Anti-evolution drug may help treat resistant breast cancers

By | October 7, 2019
Doctor examines mammogram snapshot of breast of female patient on the monitors.

A new cancer treatments works by by hurting fast-dividing cells

Oksana Krasiuk / Alamy Stock Photo

Many cancer treatments work very well in the beginning only to fail later as tumours evolve resistance. But a new generation of therapies are being developed to prevent this.

One, called BOS172722, has been shown in animal studies to restore the effectiveness of paclitaxel, the main chemotherapy used to treat so-called triple-negative breast cancer. “It’s the deadliest breast cancer,” says team leader Spiros Linardopoulos at The Institute of Cancer Research in the UK, who has just published a study describing the approach.

A human trial is already underway. If it proves effective, the trial could be expanded to include lung and ovarian cancers, Linardopoulos says.

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Like other chemotherapies, paclitaxel works by hurting fast-dividing cells. It interferes with the process of cell division, resulting in chromosomal abnormalities that often kill cells. But the cells that do survive can end up becoming resistant, meaning the drug no longer works.

“Resistance is pure Darwinian evolution,” says Linardopoulos. So like many cancer researchers, he has been trying to find new drugs, or new ways of using drugs, that prevent resistance.

BOS172722 also interferes with cell division but in a different way. It binds to and blocks a protein called MPS1 that plays a key role in division. The combination of the two drugs together causes such severe chromosomal abnormalities that none of the cancer cells survive. And if no cells survive, there can be no resistance.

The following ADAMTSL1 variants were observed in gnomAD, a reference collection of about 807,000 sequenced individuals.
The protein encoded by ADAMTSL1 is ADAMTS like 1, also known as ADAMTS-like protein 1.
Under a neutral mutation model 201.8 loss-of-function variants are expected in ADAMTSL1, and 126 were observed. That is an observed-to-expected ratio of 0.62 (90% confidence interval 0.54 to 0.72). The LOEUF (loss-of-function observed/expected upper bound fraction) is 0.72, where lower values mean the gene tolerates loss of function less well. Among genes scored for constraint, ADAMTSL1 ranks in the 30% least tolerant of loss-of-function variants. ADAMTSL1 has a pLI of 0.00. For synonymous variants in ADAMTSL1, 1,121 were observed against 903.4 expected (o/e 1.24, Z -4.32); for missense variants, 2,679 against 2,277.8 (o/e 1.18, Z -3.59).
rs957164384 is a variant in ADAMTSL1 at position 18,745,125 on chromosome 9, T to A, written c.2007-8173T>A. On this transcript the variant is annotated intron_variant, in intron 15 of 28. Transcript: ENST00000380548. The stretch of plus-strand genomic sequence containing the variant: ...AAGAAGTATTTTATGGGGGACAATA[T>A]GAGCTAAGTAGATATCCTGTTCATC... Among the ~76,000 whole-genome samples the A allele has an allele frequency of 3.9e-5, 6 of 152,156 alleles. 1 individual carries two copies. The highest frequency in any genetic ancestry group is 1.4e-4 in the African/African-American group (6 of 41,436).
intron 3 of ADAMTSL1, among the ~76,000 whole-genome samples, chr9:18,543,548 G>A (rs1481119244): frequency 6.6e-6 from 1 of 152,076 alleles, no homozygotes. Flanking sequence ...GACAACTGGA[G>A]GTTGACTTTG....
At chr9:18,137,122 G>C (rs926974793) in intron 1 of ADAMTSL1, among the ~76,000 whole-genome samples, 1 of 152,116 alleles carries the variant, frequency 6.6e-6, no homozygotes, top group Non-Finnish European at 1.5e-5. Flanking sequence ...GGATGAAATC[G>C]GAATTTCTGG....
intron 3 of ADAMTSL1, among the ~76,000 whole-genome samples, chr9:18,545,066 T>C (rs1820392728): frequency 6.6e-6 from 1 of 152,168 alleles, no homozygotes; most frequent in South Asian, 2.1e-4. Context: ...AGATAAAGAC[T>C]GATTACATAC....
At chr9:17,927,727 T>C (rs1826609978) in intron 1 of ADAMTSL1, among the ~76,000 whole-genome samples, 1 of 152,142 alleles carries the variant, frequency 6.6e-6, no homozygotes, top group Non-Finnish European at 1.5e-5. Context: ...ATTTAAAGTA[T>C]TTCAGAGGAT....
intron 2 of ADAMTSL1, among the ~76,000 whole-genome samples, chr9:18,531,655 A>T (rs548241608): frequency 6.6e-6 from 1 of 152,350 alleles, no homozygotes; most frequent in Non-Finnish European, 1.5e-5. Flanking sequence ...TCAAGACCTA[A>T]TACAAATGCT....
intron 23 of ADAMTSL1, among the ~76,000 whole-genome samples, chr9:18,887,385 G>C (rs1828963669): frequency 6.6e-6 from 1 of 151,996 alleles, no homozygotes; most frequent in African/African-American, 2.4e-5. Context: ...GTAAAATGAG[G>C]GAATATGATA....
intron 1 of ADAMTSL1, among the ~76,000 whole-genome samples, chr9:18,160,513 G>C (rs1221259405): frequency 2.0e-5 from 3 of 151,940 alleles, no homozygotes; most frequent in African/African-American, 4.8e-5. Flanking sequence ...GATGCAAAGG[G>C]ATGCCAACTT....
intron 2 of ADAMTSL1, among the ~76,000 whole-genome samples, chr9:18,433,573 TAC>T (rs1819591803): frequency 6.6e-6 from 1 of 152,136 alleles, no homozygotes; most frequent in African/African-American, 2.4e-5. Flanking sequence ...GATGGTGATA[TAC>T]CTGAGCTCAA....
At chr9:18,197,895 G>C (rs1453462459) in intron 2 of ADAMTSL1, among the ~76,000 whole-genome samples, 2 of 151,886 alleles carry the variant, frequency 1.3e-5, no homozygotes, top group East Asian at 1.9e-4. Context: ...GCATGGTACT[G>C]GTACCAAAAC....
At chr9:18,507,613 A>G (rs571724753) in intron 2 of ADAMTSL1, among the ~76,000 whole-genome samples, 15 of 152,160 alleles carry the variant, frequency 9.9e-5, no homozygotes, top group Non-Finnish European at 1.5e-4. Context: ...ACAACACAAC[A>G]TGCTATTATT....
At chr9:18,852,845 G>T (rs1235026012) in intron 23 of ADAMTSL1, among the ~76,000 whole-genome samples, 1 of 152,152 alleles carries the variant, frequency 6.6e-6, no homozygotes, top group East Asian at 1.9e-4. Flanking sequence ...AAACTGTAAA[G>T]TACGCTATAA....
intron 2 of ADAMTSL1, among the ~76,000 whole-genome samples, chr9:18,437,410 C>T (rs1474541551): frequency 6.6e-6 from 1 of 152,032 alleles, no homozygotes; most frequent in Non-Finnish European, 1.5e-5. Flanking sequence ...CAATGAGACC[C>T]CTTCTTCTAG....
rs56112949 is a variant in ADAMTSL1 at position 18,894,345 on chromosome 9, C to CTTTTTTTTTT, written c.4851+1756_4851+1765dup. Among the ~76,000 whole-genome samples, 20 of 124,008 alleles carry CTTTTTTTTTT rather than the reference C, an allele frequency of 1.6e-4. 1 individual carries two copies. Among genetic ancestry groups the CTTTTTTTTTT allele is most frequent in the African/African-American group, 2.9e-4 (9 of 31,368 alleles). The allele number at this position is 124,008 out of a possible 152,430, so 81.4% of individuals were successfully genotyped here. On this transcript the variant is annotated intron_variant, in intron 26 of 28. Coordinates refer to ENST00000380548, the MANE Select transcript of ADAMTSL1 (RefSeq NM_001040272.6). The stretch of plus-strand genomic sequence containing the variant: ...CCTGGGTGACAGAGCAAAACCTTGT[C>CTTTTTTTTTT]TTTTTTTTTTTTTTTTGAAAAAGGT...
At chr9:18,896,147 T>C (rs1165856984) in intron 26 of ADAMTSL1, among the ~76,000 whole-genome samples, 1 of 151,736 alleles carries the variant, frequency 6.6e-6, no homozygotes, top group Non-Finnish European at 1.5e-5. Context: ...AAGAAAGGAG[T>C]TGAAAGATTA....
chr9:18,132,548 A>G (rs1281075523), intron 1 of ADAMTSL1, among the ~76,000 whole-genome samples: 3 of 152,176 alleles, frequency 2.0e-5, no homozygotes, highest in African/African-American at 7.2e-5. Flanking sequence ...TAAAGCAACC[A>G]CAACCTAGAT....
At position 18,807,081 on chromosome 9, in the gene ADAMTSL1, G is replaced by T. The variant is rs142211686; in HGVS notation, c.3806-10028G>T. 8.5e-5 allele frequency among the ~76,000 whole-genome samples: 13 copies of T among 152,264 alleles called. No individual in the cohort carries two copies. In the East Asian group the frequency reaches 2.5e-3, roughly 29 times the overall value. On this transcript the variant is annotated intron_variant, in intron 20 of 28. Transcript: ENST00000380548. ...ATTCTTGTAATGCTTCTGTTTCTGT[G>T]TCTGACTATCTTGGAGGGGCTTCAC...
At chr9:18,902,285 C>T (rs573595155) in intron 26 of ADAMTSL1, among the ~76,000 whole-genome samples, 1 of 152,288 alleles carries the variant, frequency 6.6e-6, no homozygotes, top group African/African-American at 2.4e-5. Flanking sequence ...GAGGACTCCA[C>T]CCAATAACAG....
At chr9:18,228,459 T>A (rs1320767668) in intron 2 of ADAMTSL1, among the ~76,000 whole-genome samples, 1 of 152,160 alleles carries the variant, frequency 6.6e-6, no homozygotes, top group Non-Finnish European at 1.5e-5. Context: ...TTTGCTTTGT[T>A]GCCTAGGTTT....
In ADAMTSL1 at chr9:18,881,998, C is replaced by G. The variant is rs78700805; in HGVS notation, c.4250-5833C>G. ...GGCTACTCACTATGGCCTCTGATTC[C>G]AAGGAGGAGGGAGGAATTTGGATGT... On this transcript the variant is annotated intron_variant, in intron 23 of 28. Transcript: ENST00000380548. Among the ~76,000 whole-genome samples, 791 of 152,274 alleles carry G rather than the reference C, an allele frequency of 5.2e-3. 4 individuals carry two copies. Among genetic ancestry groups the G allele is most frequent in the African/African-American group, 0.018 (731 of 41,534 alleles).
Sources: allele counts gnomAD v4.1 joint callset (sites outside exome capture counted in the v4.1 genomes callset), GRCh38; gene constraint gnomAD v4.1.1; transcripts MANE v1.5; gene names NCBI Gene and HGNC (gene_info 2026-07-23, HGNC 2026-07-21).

There are some side effects, and the initial aim of the trial is to establish the maximum safe dose. But at the moment there is no effective treatment option when paclitaxel fails.

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“With triple negative breast cancer still lacking in targeted treatments, we urgently need to find new options to stop more women dying,”  Delyth Morgan of Breast Cancer Now, which helped fund the work, said in a statement. “This exciting study shows how well these drugs complement each other at a molecular level to destroy cancer cells.”

The Institute of Cancer Research sees drug resistance as the biggest challenge in cancer, so it is increasingly focusing on finding ways to combat evolution. It is setting up a £78 million centre for drug discovery in London that will bring together researchers from different disciplines to focus on creating anti-evolution treatments.

Journal reference: Molecular Cancer Therapeutics, DOI:

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